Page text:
25

25

32

32

Excellent

2

3

3

4

2

3

5

Pretty good

18

20

20

22

22

29

27

NEGATIVE (NET)

79

77

78

75

75

68

68

Only fair

33

36

32

34

34

30

29

Poor

46

41

46

41

41

38

39

Note: Percentages may not add up exactly to 100% due to rounding; In February Not at all sure was offered as a response choice and 4% responded in that way.


 

TABLE 2

PRESIDENT OBAMA’S JOB RATING ON THE ECONOMY – BY POLITICAL PARTY

Now, turning to something different, how would you rate the overall job that President Barack Obama is doing on the economy?

Base: All adults

Total

Political Party

Philosophy

Rep.

Dem.

Ind.

Cons.

Mod.

Lib.

%

%

%

%

%

%

%

POSITIVE (NET)

32

6

59

26

12

35

55

Excellent

5

1

9

4

3

4

11

Pretty good

27

5

50

22

9

31

44

NEGATIVE (NET)

68

94

41

74

88

65

45

Only fair

29

20

32

33

18

34

33

Poor

39

74

10

41

70

31

11

Note: Percentages may not add up exactly to 100% due to rounding.

 

TABLE 3

RATING OF CURRENT JOB MARKET – TREND

How would you rate the current job market of your region of the nation?

Base: All adults

2008

2009

June

July

Jan

April

June

Aug

Sept

Oct

Nov

Dec

%

%

%

%

%

%

%

%

%

%

GOOD (NET)

28

30

6

12

9

8

10

10

8

9

Neither good nor bad

18

19

18

20

19

21

22

20

18

19

BAD (NET)

53

51

76

68

72

71

68

70

73

72

2010

Jan

Mar.

April

May

June

Aug

Sept

Oct

Nov

Dec

%

%

%

%

%

%

%

%

%

%

GOOD (NET)

10

8

10

12

10

12

10

13

11

13

Neither good nor bad

20

18

21

20

25

22

21

21

23

24

BAD (NET)

70

73

70

68

66

66

69

66

66

63

2011

2012

Jan

Feb

March

May

July

Sept

Oct

Jan

March

%

%

%

%

%

%

%

%

%

GOOD (NET)

13

15

13

16

12

11

9

14

20

Neither good nor bad

22

24

22

23

24

22

24

21

24

BAD (NET)

65

61

65

61

64

67

67

65

56

Note: Percentages may not add to 100% due to rounding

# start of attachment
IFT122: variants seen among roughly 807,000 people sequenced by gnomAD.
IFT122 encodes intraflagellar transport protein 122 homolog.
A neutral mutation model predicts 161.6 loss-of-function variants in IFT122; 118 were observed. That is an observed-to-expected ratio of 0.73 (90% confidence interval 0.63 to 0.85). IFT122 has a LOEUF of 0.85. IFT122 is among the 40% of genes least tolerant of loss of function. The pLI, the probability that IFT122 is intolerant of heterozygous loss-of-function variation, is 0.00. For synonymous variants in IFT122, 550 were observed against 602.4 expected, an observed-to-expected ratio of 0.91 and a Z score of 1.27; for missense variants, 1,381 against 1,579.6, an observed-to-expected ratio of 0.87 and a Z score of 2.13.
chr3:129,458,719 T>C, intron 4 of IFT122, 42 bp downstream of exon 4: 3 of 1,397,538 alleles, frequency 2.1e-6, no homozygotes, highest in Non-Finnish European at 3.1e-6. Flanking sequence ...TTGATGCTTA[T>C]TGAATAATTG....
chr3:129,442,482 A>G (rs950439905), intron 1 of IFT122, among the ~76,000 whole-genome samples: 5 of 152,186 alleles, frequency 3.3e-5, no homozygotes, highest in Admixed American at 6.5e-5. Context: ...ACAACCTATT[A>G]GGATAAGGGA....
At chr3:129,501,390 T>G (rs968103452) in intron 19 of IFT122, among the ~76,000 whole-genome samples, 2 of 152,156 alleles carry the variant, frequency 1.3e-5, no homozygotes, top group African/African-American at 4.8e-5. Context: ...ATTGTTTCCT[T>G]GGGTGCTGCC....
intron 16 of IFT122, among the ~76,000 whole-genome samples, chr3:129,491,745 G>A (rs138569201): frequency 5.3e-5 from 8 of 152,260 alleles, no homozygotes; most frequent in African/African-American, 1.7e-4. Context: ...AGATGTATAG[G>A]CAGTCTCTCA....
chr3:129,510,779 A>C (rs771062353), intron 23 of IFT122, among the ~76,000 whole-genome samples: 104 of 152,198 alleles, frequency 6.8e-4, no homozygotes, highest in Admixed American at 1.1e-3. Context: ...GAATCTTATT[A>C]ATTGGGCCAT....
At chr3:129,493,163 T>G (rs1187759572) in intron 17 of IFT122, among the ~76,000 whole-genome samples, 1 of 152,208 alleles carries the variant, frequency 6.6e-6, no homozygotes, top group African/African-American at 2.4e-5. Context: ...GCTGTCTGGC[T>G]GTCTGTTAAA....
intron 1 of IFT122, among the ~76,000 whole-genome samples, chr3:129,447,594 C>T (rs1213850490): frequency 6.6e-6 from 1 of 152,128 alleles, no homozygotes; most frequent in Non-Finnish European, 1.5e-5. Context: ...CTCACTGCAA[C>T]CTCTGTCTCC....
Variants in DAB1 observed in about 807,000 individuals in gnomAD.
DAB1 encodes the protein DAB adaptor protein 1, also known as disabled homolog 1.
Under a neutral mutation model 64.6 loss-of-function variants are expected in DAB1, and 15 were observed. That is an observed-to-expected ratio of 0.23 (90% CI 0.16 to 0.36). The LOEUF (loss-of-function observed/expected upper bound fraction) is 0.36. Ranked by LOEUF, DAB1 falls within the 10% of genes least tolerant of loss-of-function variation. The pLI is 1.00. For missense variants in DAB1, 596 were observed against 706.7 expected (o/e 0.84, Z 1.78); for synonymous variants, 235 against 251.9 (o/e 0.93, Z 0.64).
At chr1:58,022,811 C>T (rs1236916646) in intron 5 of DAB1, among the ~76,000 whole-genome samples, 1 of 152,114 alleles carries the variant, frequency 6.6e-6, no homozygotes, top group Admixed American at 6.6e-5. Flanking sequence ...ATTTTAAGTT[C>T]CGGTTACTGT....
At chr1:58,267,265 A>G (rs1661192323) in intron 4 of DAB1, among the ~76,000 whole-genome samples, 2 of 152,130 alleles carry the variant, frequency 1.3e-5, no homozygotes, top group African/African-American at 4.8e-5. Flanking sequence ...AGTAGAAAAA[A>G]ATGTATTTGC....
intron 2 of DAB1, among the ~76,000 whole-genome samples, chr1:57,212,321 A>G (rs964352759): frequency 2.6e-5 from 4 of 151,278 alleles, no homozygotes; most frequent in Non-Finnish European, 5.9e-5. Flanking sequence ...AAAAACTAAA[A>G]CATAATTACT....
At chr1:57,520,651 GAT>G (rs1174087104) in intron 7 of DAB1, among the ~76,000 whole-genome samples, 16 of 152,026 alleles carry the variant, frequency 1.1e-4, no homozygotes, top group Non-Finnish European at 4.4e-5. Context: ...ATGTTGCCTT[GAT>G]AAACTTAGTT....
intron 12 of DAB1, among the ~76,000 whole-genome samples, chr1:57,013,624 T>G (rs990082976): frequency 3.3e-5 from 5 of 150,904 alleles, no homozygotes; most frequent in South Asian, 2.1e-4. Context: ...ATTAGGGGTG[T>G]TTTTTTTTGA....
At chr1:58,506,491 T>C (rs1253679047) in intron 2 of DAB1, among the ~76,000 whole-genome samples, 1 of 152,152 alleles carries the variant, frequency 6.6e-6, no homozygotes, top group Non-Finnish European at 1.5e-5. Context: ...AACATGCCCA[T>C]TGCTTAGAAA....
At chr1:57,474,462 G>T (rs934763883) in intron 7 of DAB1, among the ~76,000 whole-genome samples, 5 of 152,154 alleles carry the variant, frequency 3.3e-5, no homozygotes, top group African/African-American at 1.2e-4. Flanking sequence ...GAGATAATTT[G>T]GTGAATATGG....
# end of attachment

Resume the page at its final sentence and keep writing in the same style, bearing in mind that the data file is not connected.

TABLE 4

RATING OF CURRENT JOB MARKET IN YOUR REGION – BY REGION

How would you rate the current job market of your region of the nation?

Base: All adults

Total

Region

East

Midwest

South

West

%

%

%

%

%

GOOD (NET)

20

20

20

23

17

Very good

4

3

3

6

4

Somewhat good

16

17

17

18

14

Neither good nor bad

24

24

24

27

19

BAD (NET)

56

56

57

50

64

Somewhat bad

32

35

31

28

37

Very bad

24

21

26

22

27

Note: Percentages may not add to 100% due to rounding; indicates less than .05%

 

 

TABLE 5

EXPECTATIONS FOR JOB MARKET IN SIX MONTHS – TREND

How do you think that the job market in your region of the nation will change over the next 6 months?

Base: All adults

2009

2010

Jan

April

June

Aug

June

Aug

Sept

Oct

Nov

Dec

%

%

%

%

%

%

%

%

%

%

BETTER (NET)

15

23

21

28

26

23

21

23

30

25

Will be much better

1

3

2

2

1

2

2

3

2

2

Will be somewhat better

14

20

19

26

25

21

19

20

28

23

Will remain the same

36

42

47

47

53

49

53

53

50

54

WORSE (NET)

49

36

32

25

21

27

26

24

21

22

Will be somewhat worse

36

29

24

19

15

22

20

18

15

16

Will be much worse

14

7

8

6

6

5

6

6

6

6